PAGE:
A Tough Call

Blog by SGM Matt Smith

This is the time of year when our thoughts turn towards the ones we love the most.

I love all the holidays, but Christmas is my favorite. Like most folks, it takes me back to my childhood and the carefree days before the worries of adulthood. I love the songs, the lights, and I friggin’ love eggnog. I mean, c’mon, it’s basically just melted ice cream with liquor in it. What could be better than that?

More and more I see messages on social media saying to “Remember the Troops” during the holidays. It’s in these times of extended operations (that don’t always make the news) that we need to think of them the most.

I can tell you from the perspective of a deployed fighting man, you are all-consumed with the day-to-day operations on the ground. You don’t often get the luxury of stopping what you’re doing to celebrate holidays. Every minute you get to yourself is precious and it’s spent thinking of your family and trying to connect with them. It’s hard to fight when you know that back home Americans are settling down for time off with their loved ones and you and your family could not feel more alone on separate ends of the Earth. In these times you really have to turn towards your teammates for support. But even your teammates can’t provide everything and you know a part of you will just have to remain unfulfilled during a time meant for fulfillment.

Fortunately, it has become easier for our troops to connect through internet access and cell networking. I remember the days of my first deployment when we had to write letters home on the empty boxes from MREs. I still have a birthday card that I drew with markers on an MRE box and sent home for my son’s 1st Birthday. My wife cherishes it.

My good friend and teammate once made a joke that all our family pictures for the last six years had something in common.

“What’s that Brother?” I asked. “We ain’t in ‘em.”

There was roaring laughter, followed by an awkward smile, and finally minutes of silence. But luckily it has become easier for troops to connect, share pictures, and see their loved ones. I have been around long enough to remember letter writing and I was around when we first got internet access while deployed. Unfortunately, it can make things even harder when you can see and hear all the things that are happening without you.

In December of 2003, I spent Christmas in Baghdad. It could not have felt less Christmassy. I was not able to talk to my family for Christmas but I did share an email message with them. It was hardly a warm way to spend the holiday and we were knee-deep in missions. Days later we stepped out on a late-night raid to snatch one of a long list of bad guys from some evil lair in the city. At least there was a little snow falling (it immediately turned to mud as it contacted the ground). We arrived on target with a split team of six US Special Operators and a company of Iraqi Commandos.

Everything was going as planned. While extracting from the target a firefight broke out. Several were hit - the Iraqi Commander, Platoon Leader, our interpreter, and the dashingly handsome medic (none other than myself). It was chaotic but our team prevailed. I count myself lucky that neither I nor any of my counterparts lost a limb or their lives that night. There are many other combat stories that don’t end this way.

The following morning I was recovering in a tent on a forward operating base. My injuries were minor compared to some of the others. A single bullet had ricocheted off a wall, split into four fragments, and hit me in the left knee. I barely remember it happening but the next morning it felt like someone had hit me in the knee with a ball-peen hammer. Adrenaline is a cruel bitch; she got me through the night but left me hurtin’ the next morning. The hardest part was yet to come. I requested to be the one who made the call to my Wife.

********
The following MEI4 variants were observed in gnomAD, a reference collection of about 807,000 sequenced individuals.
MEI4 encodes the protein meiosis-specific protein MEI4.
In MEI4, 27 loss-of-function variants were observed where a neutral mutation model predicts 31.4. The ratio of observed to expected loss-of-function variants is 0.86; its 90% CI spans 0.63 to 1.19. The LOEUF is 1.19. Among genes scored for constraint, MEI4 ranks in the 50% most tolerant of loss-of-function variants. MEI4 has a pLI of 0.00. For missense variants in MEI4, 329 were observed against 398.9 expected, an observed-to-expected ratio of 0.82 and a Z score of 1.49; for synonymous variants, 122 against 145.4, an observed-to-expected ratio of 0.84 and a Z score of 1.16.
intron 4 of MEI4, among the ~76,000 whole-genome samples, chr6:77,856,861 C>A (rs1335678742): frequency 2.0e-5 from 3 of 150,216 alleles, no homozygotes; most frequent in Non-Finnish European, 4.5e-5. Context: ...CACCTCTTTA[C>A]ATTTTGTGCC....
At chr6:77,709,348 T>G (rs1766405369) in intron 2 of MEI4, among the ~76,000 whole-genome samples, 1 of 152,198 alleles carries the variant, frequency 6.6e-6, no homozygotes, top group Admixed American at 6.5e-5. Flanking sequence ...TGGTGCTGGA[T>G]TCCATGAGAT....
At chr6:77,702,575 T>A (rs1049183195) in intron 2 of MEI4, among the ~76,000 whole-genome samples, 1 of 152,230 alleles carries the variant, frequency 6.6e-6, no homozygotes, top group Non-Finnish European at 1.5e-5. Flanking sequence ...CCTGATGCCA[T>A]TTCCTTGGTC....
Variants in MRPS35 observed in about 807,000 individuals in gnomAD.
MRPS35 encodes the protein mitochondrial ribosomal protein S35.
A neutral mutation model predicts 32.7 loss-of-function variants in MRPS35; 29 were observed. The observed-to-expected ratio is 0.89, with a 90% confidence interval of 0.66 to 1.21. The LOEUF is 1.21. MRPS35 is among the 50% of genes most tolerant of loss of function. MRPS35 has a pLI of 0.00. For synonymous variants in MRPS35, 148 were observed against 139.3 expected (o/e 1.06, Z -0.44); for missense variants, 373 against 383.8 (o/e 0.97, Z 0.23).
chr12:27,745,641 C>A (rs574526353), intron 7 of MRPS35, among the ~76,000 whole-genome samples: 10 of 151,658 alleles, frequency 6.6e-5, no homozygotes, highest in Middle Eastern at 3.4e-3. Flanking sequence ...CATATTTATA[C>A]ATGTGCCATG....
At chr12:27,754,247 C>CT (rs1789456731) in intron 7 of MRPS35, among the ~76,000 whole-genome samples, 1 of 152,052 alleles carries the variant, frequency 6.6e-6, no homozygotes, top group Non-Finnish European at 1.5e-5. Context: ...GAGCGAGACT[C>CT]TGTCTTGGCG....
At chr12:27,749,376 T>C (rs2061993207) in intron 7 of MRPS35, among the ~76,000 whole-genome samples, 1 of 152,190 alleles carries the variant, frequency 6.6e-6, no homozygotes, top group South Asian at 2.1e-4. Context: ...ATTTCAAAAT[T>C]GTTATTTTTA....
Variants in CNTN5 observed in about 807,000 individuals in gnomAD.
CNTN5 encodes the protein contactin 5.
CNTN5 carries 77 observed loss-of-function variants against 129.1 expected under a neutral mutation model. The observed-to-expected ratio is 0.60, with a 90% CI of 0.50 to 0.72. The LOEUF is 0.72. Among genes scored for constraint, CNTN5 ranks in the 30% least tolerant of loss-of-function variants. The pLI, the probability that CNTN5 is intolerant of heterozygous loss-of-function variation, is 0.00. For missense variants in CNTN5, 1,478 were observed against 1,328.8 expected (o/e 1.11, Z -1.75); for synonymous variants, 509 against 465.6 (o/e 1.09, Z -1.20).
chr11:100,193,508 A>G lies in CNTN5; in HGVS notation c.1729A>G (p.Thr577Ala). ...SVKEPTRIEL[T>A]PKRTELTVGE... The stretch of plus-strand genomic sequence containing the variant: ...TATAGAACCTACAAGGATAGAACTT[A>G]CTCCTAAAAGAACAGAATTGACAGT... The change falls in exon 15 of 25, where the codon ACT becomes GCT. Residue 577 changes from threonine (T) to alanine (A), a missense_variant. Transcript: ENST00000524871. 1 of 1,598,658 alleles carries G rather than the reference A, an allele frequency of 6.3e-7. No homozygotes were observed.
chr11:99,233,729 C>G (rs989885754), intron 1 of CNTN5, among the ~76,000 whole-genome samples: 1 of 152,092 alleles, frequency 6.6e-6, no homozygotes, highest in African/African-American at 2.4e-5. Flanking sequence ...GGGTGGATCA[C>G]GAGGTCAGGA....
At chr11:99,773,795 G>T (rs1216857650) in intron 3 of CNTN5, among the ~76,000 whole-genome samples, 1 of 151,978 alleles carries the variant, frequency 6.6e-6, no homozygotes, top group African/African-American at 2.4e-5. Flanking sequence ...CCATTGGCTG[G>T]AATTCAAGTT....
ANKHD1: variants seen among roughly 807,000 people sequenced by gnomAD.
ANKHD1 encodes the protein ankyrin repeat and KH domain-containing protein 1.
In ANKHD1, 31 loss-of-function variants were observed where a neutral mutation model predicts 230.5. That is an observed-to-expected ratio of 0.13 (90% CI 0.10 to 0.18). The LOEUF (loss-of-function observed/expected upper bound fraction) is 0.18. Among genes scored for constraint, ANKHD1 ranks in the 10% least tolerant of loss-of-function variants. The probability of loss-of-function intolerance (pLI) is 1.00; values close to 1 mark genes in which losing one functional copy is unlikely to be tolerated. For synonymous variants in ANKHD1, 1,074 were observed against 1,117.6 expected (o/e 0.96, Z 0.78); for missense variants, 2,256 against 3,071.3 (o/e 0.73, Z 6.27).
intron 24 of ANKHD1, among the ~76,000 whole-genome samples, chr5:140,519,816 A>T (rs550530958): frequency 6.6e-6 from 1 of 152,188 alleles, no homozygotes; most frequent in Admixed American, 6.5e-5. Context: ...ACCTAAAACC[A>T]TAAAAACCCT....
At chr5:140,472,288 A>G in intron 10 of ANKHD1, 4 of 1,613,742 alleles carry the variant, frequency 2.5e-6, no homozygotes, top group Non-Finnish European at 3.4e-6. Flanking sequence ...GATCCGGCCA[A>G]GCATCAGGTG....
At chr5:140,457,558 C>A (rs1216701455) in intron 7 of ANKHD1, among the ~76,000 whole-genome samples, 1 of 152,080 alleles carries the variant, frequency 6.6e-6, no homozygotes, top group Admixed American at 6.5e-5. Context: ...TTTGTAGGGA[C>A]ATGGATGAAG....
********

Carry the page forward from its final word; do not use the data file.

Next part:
Instead of “How was Christmas?” or “Did my son like his gifts?” the conversation started out, “Baby, are you sitting down?”

I had not spoken to my wife since before Christmas. Now the conversation would be about the wound I received, on a mission she didn’t know about, in a place that no one knows about, in a war that no news agency reports about, and at a time that was meant for us to be close together. We could not have been further apart.

My story is not unique.

It happens nearly every day. Somewhere, someone is making this call to his or her spouse, or worse yet, they are unable to. It is just a reminder of why we need to remember our troops during these holidays. Fighting for this nation means you don’t get a break for one second of the year. Those that would do us harm are waiting for the minute we let our guard down. Because of that, good women and men have volunteered to watch over us as we enjoy Christmas, New Years, and all the other holidays we love to spend with our families.

Please take a moment to think of the picture that is being taken without a special someone in it. That special someone and their family deserves your thanks.

To all my Brothers and Sisters serving this nation somewhere far away this Holiday Season; I will drink an eggnog for you (probably a few).

I sincerely appreciate everything you and your families do.

1 Response

Eric, RN

Eric, RN

January 06, 2020

I am sure I speak on behalf of many Americans and Veterans, when I say that I know simply saying thank you is not enough. Your letter has touched thousands of readers, family members, and friends. As a nurse working with military personnel, and as a Navy Veteran, I hear and feel every word you have expressed. Thank you my brother and please thank your family, brothers and sisters that are there along there with you. Without all of you, we would not be a free nation, being able to enjoy our freedoms. 🇺🇸

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